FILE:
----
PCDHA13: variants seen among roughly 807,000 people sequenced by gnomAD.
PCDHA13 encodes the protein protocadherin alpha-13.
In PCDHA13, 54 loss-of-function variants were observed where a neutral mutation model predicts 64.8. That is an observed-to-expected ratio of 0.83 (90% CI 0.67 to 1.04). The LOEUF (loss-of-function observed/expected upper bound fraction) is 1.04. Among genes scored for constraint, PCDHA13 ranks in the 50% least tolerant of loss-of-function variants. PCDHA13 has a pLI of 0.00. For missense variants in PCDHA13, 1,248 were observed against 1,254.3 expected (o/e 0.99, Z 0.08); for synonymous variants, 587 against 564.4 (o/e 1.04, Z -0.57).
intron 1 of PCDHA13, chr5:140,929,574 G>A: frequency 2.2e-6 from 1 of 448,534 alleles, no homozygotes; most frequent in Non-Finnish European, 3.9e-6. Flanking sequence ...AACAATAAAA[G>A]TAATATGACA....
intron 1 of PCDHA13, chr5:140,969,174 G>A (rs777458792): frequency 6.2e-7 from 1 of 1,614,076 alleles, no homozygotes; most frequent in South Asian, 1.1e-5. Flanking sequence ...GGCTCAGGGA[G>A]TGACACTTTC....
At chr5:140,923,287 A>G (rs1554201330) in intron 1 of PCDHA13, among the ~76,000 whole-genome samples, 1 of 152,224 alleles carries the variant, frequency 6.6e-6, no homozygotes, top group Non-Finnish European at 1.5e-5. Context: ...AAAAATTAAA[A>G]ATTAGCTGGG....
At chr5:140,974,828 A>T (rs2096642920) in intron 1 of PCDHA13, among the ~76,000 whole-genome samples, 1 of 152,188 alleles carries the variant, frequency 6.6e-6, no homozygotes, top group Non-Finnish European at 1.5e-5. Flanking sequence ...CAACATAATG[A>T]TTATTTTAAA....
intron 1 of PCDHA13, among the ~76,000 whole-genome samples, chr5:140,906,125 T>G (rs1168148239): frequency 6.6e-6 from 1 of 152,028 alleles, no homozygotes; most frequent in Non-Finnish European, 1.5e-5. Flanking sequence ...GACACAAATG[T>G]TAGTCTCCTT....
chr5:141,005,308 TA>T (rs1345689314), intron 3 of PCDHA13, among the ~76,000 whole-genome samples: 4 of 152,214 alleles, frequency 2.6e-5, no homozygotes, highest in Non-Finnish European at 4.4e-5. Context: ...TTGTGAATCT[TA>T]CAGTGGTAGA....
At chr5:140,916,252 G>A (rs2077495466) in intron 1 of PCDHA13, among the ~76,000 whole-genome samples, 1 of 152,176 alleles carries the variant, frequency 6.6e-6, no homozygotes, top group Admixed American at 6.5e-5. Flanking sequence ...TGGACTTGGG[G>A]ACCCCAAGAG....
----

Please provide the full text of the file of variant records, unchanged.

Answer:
PCDHA13: variants seen among roughly 807,000 people sequenced by gnomAD.
PCDHA13 encodes the protein protocadherin alpha-13.
In PCDHA13, 54 loss-of-function variants were observed where a neutral mutation model predicts 64.8. That is an observed-to-expected ratio of 0.83 (90% CI 0.67 to 1.04). The LOEUF (loss-of-function observed/expected upper bound fraction) is 1.04. Among genes scored for constraint, PCDHA13 ranks in the 50% least tolerant of loss-of-function variants. PCDHA13 has a pLI of 0.00. For missense variants in PCDHA13, 1,248 were observed against 1,254.3 expected (o/e 0.99, Z 0.08); for synonymous variants, 587 against 564.4 (o/e 1.04, Z -0.57).
intron 1 of PCDHA13, chr5:140,929,574 G>A: frequency 2.2e-6 from 1 of 448,534 alleles, no homozygotes; most frequent in Non-Finnish European, 3.9e-6. Flanking sequence ...AACAATAAAA[G>A]TAATATGACA....
intron 1 of PCDHA13, chr5:140,969,174 G>A (rs777458792): frequency 6.2e-7 from 1 of 1,614,076 alleles, no homozygotes; most frequent in South Asian, 1.1e-5. Flanking sequence ...GGCTCAGGGA[G>A]TGACACTTTC....
At chr5:140,923,287 A>G (rs1554201330) in intron 1 of PCDHA13, among the ~76,000 whole-genome samples, 1 of 152,224 alleles carries the variant, frequency 6.6e-6, no homozygotes, top group Non-Finnish European at 1.5e-5. Context: ...AAAAATTAAA[A>G]ATTAGCTGGG....
At chr5:140,974,828 A>T (rs2096642920) in intron 1 of PCDHA13, among the ~76,000 whole-genome samples, 1 of 152,188 alleles carries the variant, frequency 6.6e-6, no homozygotes, top group Non-Finnish European at 1.5e-5. Flanking sequence ...CAACATAATG[A>T]TTATTTTAAA....
intron 1 of PCDHA13, among the ~76,000 whole-genome samples, chr5:140,906,125 T>G (rs1168148239): frequency 6.6e-6 from 1 of 152,028 alleles, no homozygotes; most frequent in Non-Finnish European, 1.5e-5. Flanking sequence ...GACACAAATG[T>G]TAGTCTCCTT....
chr5:141,005,308 TA>T (rs1345689314), intron 3 of PCDHA13, among the ~76,000 whole-genome samples: 4 of 152,214 alleles, frequency 2.6e-5, no homozygotes, highest in Non-Finnish European at 4.4e-5. Context: ...TTGTGAATCT[TA>T]CAGTGGTAGA....
At chr5:140,916,252 G>A (rs2077495466) in intron 1 of PCDHA13, among the ~76,000 whole-genome samples, 1 of 152,176 alleles carries the variant, frequency 6.6e-6, no homozygotes, top group Admixed American at 6.5e-5. Flanking sequence ...TGGACTTGGG[G>A]ACCCCAAGAG....